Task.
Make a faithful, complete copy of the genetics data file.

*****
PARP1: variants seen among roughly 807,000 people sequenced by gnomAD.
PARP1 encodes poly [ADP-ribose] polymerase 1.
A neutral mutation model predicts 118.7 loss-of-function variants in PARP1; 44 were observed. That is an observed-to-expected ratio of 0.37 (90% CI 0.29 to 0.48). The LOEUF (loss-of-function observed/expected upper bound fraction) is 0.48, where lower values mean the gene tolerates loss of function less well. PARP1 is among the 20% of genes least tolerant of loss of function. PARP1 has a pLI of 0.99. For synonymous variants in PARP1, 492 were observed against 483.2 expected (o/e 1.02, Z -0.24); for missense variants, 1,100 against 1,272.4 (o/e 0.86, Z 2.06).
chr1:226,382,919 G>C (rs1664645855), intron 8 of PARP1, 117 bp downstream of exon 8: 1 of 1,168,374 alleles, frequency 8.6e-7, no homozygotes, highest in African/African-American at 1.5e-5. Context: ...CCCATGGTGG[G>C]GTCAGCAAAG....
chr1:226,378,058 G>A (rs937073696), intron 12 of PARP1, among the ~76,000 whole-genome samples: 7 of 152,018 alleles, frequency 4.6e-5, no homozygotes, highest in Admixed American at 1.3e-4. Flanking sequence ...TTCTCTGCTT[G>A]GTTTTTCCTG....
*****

PARP1: variants seen among roughly 807,000 people sequenced by gnomAD.
PARP1 encodes poly [ADP-ribose] polymerase 1.
A neutral mutation model predicts 118.7 loss-of-function variants in PARP1; 44 were observed. That is an observed-to-expected ratio of 0.37 (90% CI 0.29 to 0.48). The LOEUF (loss-of-function observed/expected upper bound fraction) is 0.48, where lower values mean the gene tolerates loss of function less well. PARP1 is among the 20% of genes least tolerant of loss of function. PARP1 has a pLI of 0.99. For synonymous variants in PARP1, 492 were observed against 483.2 expected (o/e 1.02, Z -0.24); for missense variants, 1,100 against 1,272.4 (o/e 0.86, Z 2.06).
chr1:226,382,919 G>C (rs1664645855), intron 8 of PARP1, 117 bp downstream of exon 8: 1 of 1,168,374 alleles, frequency 8.6e-7, no homozygotes, highest in African/African-American at 1.5e-5. Context: ...CCCATGGTGG[G>C]GTCAGCAAAG....
chr1:226,378,058 G>A (rs937073696), intron 12 of PARP1, among the ~76,000 whole-genome samples: 7 of 152,018 alleles, frequency 4.6e-5, no homozygotes, highest in Admixed American at 1.3e-4. Flanking sequence ...TTCTCTGCTT[G>A]GTTTTTCCTG....